The federal government imposes tax on all the worldwide income of American citizens and corporations. To avoid an unfair double taxation of earnings by multiple countries, taxpayers can claim a credit against their U.S. tax liability for any foreign income taxes paid. However, you may not actually get to realize the benefit from foreign tax credits due to a cumbersome set of regulations designed to maintain the integrity of this system.
Determine the U.S. federal income tax liability before application of foreign tax credits for a given year. Note that the IRS does not refund foreign tax payments.
Break-out total gross income into passive or general categories. Passive income generally includes dividends, interest, rents, royalties and gains from investment activities (IRC Section 954(c)). All non-passive income goes into the general category.
Break-out total foreign tax credits into passive or general categories. Foreign income taxes typically belong in the same category as the underlying income to which they relate.
Identify gross income from U.S. or foreign sources for each category. Complicated rules detailed in IRC Section 861 apply to determine the source of different types of income. For instance, generally source dividend and interest income based on the residence of the payer. The source of rent and royalty income depends on where the related property is located or being used. Gains from the sales of property may be sourced to the residence of the seller, subject to various exceptions, such as inventory (sourced to the place where title passage occurs). Also, service income comes from the location of performance in most cases.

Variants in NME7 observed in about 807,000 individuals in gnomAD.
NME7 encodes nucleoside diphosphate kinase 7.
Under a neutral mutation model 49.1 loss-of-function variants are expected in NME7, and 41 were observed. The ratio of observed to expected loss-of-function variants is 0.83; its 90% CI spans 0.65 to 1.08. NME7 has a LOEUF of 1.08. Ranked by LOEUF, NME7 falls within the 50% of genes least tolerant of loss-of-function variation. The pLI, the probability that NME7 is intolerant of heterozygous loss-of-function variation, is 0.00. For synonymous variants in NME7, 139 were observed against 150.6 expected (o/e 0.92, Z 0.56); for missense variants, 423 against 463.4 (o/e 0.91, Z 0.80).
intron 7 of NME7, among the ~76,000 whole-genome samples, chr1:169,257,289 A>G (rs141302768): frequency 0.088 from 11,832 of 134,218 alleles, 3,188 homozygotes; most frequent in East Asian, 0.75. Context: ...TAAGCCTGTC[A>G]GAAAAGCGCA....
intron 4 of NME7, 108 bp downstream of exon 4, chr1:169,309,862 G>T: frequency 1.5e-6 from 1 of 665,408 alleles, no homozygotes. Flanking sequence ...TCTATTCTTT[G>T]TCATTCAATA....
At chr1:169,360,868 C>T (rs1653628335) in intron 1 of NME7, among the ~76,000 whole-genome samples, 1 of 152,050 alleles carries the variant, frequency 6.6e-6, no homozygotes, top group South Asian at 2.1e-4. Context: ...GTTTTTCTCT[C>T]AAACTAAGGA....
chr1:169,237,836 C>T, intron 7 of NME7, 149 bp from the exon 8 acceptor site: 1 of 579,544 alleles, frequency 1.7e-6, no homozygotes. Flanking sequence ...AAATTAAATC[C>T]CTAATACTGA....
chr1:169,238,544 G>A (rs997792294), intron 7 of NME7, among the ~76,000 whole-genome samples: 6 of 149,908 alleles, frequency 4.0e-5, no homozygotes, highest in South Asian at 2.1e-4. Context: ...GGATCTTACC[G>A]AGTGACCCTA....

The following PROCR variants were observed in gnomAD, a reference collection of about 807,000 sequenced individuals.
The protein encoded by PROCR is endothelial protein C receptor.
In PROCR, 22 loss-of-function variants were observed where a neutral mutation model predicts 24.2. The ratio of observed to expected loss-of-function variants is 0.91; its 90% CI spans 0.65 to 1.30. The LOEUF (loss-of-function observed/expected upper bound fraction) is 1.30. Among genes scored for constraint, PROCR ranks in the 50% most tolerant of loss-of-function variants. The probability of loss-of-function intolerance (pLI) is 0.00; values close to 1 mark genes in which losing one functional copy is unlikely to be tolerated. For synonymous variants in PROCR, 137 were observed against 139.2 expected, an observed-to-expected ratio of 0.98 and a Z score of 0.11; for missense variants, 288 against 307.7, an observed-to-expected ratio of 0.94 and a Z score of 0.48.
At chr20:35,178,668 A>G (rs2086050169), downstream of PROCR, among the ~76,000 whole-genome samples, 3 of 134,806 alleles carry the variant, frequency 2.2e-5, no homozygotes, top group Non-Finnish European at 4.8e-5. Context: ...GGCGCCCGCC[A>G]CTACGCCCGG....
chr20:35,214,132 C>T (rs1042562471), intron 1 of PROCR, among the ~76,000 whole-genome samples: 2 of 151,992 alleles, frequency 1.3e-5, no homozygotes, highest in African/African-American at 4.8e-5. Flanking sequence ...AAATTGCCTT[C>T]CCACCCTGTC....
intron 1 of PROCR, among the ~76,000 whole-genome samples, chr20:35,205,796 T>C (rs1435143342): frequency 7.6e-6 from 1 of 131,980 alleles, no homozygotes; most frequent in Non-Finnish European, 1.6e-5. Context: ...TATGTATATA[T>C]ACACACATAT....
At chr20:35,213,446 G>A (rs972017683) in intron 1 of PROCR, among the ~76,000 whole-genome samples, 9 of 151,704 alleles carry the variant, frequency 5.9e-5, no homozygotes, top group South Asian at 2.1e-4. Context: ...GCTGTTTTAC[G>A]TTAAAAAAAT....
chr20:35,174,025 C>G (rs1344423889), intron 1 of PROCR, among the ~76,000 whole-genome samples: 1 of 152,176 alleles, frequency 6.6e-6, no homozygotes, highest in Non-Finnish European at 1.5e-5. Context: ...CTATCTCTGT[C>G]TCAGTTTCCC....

Allocate and apportion deductions against gross income from U.S. or foreign sources for each category. Again, IRC Section 861 regulates particular treatment for various types of deductions not definitely related by point of fact to a certain type of gross income, such as interest, research and development expenses, losses from investment activities and charitable contributions. Other deductions not falling into any classification with specific rules may be split proportionally between U.S. and foreign source income.
Calculate net income before taxes for each category and source of income. As a quick double-check, note that the sum of each of these four components must equal the taxpayer's total taxable income.
Determine the percentages of total taxable income from passive and general foreign sources.
Apply these two percentages to the total tax liability before credits. The resulting amounts represent the maximum foreign tax credit allowed for each category, referred to as the foreign source income limitations (IRC Section 904).
Utilize the lesser of available or allowed foreign tax credits to reduce the total tax liability to a net amount.